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CU report on chicken bacteria called ‘inaccurate and alarmist’

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Consumer Reports article this month on “superbugs” in raw chicken breasts was taken to task last week for inaccuracy and sensationalism by Dr Richard Raymond in Food Safety News and by the Penn State Food Safety blog.

The report suggested that nearly 80% of the samples contained enteroccus, 65% contained E coli and that every one of the major brands contained “worrisome amounts” of bacteria, including those labeled “organic” or “antibiotic free.” However, they do not explain what a “worrisome amount” is. And as the critics noted, the study was not peer-reviewed.

But both articles criticize the use of the term “superbugs,” since multiple antibiotic-resistant bacteria occur naturally, and even if they are resistant to three antibiotics, there is usually another antibiotic to which they will succumb.

And even if they are resistant to many antibiotics, this is more a problem in hospitals than in your kitchen, where there is little evidence that they cause harm. The CU report lists six classes of antibiotics, but three of them: enterococcus, generic E coli and Klebsiella pneumonia do not cause food-borne illnesses, according to the USDA, CDC and FDA. And Dr Raymond challenges their statement that the E. coli found on chicken could cause a bladder infection. He doesn’t agree.

He completely disagrees with the statement that “97% of the breasts we tested harbored bacteria that could make you sick” because most of the bacteria they found will not make you sick. In fact, he notes that the most recent USDA report found only 2.6% of broilers contained salmonella, the only one of the common bacteria that could actually make you sick. And he notes that there are number of varieties of E coli, most of which are not dangerous to humans.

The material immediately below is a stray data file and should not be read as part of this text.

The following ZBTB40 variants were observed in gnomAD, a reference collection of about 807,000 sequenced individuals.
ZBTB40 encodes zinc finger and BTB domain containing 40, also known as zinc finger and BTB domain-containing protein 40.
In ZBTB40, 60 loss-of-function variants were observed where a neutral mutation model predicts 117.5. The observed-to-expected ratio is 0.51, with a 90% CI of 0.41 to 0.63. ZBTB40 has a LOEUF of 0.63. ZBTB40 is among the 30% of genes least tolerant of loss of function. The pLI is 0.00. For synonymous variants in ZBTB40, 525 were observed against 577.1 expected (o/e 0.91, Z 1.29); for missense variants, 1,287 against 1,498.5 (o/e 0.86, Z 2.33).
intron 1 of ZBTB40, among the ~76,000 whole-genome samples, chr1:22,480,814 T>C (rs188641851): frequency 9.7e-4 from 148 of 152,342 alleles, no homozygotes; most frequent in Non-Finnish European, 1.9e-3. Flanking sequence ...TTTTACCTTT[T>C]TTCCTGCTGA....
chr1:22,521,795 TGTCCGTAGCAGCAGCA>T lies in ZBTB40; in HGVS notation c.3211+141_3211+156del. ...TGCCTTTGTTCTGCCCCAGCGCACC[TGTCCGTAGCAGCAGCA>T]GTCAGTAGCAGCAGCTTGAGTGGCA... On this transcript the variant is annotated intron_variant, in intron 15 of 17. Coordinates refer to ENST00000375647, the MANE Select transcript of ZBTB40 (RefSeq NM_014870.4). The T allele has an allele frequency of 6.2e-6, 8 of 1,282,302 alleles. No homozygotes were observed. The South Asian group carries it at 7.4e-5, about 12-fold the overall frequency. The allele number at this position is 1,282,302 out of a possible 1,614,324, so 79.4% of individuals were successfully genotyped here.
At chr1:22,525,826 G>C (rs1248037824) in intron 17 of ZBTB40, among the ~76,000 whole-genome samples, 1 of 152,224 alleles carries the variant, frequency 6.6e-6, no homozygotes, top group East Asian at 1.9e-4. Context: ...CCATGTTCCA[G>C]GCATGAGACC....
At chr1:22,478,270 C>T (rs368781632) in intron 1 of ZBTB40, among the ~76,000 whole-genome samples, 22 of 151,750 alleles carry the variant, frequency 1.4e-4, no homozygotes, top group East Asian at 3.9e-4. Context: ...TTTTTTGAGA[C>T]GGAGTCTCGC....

While CU claims that 80% of antibiotics sold in the US are used in animal production, but neglects to mention that 40% of those antibiotics are not approved for human use and another 42% are oxy- and chlor-tetracycline antibiotics that were used in the 1950s but are no longer used in humans because there are now better antibiotics available.

Raymond also points out how ridiculous it is to imagine only treating the sick animals in a herd of, say, 30,000 chicks if a contagious disease struck the herd.

In fact, he notes, food-borne illnesses are down by 25% since 2000. However, as Penn State researchers noted this summer, chicken from Farmer's Markets is much more likely to be contaminated than those sold in supermarkets.

It is important that you handle chicken safely, not washing it to spatter bacteria everywhere, and clean your food tools and cutting board carefully after use, and if you do, you are taking very little risk. And always use a thermometer to see that chicken is cooked to 165 F.

Consumer Reports has a very capable staff of engineers doing product testing of cars, refrigerators and lawnmowers, but their science articles like this one and their nonscientific positions on biotechnology continue to be embarrassing.



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